How digital health excludes disabled people: Digital Health Rewired 2020

The NHS is still largely paper-powered, and that is excluding people with disabilities says AbilityNet’s Accessibility and Usability Consultant Adi Latif.

The speaker information of Adi Latif from the Digital Rewired conference programmeAdi was speaking at the second day of Digital Health Rewired 2020, the show that connects current and future health leaders with the best in disruptive digital health.

Diagnosed at age 8 with a condition called Retinitis Pigmentosa, Adi recalled his early experiences as a visually-impaired healthcare user.

“The doctors would nod their heads and hand Mum a prescription and do all the transactional stuff while I would walk around the sweet aisle; I wasn’t able to understand prescriptions, and I didn’t know what was going on.”

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Healthcare services are excluding the visually-impaired

A picture of a pharmacist handing some pills to a woman. Rows of pills visible in the background.As a visually-impaired adult, Adi said it remains difficult accessing primary care.

“I am thrown back into the dark when it comes to my healthcare,” said Adi. “My independence is stripped away because NHS communication is primarily paper-based.

He continued: "It is bad for the environment and worst of all it makes me disabled.”

Adi is not alone; a recent RNIB survey found that 86% of people who are visually-impaired cannot find information on their healthcare.

“Prescriptions are usually handed to you on a piece of paper,” said Adi. “I spent five years not knowing what the side-effects of a medication I was taking were."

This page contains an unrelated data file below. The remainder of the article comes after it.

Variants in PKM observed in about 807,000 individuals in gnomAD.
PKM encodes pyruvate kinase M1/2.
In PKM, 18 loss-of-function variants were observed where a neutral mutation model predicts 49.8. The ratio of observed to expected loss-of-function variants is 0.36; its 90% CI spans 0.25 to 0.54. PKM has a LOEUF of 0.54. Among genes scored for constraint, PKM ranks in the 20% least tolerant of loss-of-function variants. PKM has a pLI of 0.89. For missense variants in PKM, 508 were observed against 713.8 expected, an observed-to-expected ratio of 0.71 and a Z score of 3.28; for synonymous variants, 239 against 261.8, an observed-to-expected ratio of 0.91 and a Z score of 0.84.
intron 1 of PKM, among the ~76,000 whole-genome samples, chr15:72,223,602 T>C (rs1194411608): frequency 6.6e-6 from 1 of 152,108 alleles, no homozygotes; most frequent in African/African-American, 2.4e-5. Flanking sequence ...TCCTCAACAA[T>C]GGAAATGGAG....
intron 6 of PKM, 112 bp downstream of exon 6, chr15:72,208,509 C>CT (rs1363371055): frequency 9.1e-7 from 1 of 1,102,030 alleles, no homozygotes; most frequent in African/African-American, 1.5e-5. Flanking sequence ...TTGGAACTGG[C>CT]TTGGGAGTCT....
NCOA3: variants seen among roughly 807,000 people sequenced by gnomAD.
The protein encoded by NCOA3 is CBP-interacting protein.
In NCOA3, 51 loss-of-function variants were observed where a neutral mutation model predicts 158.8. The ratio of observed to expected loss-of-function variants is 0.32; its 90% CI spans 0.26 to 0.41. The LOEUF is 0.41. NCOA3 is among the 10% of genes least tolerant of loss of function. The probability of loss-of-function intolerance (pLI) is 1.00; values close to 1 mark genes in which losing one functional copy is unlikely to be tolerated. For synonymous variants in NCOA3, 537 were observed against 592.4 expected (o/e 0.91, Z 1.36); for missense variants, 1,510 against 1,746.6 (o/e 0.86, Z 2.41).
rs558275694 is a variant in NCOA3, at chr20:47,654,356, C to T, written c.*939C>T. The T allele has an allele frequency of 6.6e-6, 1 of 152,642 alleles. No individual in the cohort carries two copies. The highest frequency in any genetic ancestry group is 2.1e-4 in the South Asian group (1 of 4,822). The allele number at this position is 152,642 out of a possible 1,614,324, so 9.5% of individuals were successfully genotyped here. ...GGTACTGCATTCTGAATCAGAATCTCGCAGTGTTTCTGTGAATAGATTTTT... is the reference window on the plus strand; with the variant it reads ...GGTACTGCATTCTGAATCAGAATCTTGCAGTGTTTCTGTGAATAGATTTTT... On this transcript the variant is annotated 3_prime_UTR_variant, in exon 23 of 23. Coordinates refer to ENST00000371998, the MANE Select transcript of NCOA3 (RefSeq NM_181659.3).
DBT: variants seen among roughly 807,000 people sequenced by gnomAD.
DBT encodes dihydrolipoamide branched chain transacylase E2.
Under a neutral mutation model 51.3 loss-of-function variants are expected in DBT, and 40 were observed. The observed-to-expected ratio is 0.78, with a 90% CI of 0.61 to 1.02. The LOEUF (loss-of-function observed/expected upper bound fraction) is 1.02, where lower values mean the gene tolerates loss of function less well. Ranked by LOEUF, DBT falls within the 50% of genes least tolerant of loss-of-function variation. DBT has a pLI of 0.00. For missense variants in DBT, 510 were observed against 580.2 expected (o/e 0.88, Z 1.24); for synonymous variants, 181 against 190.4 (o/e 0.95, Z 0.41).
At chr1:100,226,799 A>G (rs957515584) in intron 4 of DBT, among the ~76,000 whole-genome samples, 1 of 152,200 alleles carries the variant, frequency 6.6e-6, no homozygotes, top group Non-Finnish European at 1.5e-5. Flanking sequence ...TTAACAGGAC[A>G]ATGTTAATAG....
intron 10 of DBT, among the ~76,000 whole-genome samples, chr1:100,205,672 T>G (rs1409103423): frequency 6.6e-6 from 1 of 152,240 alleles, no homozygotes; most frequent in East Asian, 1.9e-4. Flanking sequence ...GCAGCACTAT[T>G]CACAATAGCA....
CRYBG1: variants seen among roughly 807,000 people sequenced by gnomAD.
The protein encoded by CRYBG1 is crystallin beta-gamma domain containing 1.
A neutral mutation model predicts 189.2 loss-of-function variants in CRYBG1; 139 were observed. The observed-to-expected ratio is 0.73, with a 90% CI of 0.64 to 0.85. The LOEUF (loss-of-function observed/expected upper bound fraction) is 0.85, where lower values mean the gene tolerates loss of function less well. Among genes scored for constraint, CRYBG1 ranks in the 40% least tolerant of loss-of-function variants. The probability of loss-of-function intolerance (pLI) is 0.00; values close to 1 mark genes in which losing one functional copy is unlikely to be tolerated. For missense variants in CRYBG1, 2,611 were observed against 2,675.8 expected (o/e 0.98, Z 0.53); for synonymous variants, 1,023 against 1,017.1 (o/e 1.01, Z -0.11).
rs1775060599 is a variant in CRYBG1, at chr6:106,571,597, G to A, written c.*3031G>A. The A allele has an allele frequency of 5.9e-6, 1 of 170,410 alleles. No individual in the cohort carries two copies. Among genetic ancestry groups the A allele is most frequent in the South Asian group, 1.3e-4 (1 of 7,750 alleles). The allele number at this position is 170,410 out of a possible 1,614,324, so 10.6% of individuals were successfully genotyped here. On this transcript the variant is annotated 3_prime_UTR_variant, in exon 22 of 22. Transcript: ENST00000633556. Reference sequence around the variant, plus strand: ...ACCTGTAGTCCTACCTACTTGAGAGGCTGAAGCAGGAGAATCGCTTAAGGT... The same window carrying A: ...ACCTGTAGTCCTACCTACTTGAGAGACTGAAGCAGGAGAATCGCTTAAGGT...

"On another occasion, I had just done a test and a nurse handed me a letter, I asked for an electronic copy so I could use my screen reader.

"She said she didn’t know why I needed it as the letter was for my GP.”

Digital transformations are required by law

A gavel to indicate the law/justicePositive changes are coming, however.

For example, one of the stands we visited included IMMJ Systems, which is helping Healthcare Trusts digitise records at scale. 

The main driver is to free up space, and create digital records but it also means that anyone – including those with a visual impairment – can submit a Subject Access Request (SAR) and see this in an accessible format under GDPR.

As Adi pointed to in his speech, the Accessible Information Standard (AIS) introduced by the government in 2016 requires that people with a disability or sensory loss are given information in a way they can understand. 

It is now the law for the NHS and adult social care services to comply with AIS.

Video GP appointments in Boots

Elsewhere, Swedish-born LIVI – a company that enables you to see a video GP in minutes is discussing its recent partnership with Boots. 

LIVI MD Juliet Bauer, formerly, NHS England's Chief Digital Officer said they’d be piloting the use of LIVI in Boots stores to drive “transformational change”. 

“At no point should we send a customer away. Using LIVI, we can stop 80 people from every Boots store going back into the system [by offering an online GP appointment],” said Richard Corbridge, director of innovation and high street healthcare, Boots UK.

As well as being available in store you can access LIVI via its app.

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